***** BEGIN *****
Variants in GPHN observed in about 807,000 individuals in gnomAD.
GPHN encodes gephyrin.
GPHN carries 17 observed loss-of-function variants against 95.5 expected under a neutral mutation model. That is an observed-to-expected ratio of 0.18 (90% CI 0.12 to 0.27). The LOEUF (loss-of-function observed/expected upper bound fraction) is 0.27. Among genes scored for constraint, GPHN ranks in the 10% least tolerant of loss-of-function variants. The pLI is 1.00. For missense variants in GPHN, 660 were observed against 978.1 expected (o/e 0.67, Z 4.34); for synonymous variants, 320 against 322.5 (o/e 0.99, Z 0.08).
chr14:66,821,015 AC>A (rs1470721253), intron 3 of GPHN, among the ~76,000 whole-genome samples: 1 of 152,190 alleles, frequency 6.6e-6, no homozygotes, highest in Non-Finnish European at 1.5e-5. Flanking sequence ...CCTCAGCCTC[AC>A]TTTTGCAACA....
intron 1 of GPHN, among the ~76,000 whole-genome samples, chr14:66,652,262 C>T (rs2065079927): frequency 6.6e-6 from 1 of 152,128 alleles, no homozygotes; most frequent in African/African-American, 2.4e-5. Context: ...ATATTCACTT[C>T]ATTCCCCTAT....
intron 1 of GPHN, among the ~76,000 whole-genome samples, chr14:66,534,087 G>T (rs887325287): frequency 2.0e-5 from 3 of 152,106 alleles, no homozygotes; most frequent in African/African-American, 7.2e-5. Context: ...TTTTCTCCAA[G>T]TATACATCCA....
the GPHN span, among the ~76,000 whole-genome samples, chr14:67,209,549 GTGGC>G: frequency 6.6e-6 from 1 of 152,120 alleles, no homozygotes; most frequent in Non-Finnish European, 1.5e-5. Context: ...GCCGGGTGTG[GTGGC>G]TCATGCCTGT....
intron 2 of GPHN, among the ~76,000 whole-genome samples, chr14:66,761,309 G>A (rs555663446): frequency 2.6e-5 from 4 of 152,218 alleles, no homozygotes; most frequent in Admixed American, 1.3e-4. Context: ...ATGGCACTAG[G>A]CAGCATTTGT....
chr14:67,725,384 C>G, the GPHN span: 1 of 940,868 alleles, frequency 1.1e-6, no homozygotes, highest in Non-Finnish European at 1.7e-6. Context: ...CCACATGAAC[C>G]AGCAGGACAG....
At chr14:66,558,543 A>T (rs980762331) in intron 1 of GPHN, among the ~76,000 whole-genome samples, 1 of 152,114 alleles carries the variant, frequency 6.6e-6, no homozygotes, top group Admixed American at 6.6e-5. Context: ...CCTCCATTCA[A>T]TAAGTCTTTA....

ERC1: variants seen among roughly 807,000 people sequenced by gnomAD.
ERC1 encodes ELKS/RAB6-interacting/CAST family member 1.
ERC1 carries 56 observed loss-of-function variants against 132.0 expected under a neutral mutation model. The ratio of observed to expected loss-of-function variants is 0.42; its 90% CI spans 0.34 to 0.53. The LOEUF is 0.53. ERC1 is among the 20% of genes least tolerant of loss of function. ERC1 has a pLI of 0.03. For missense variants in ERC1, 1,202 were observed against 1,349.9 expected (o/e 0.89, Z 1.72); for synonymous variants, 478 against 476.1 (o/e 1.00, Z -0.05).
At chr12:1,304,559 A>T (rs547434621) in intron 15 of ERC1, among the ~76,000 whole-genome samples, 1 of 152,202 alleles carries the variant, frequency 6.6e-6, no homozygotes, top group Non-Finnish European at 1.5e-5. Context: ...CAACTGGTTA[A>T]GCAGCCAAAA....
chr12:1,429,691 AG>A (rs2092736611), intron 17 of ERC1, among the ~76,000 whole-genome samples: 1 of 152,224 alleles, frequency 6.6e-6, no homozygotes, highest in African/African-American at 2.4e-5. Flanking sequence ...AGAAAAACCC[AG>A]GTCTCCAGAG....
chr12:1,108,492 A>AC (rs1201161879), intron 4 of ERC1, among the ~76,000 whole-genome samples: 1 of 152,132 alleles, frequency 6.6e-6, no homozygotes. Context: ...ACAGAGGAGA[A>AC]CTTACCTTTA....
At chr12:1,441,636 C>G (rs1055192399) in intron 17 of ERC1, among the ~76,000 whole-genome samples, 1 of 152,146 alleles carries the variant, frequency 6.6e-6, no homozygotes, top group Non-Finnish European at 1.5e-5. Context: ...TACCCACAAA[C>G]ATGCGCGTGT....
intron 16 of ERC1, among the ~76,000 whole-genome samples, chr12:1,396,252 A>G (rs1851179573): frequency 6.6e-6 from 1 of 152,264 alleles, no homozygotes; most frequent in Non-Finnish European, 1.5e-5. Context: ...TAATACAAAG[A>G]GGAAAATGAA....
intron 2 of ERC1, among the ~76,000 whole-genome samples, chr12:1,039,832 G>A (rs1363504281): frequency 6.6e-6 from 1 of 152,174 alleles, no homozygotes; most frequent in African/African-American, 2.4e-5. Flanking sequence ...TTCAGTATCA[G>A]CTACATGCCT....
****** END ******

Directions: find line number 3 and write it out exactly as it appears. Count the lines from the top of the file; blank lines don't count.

GPHN carries 17 observed loss-of-function variants against 95.5 expected under a neutral mutation model. That is an observed-to-expected ratio of 0.18 (90% CI 0.12 to 0.27). The LOEUF (loss-of-function observed/expected upper bound fraction) is 0.27. Among genes scored for constraint, GPHN ranks in the 10% least tolerant of loss-of-function variants. The pLI is 1.00. For missense variants in GPHN, 660 were observed against 978.1 expected (o/e 0.67, Z 4.34); for synonymous variants, 320 against 322.5 (o/e 0.99, Z 0.08).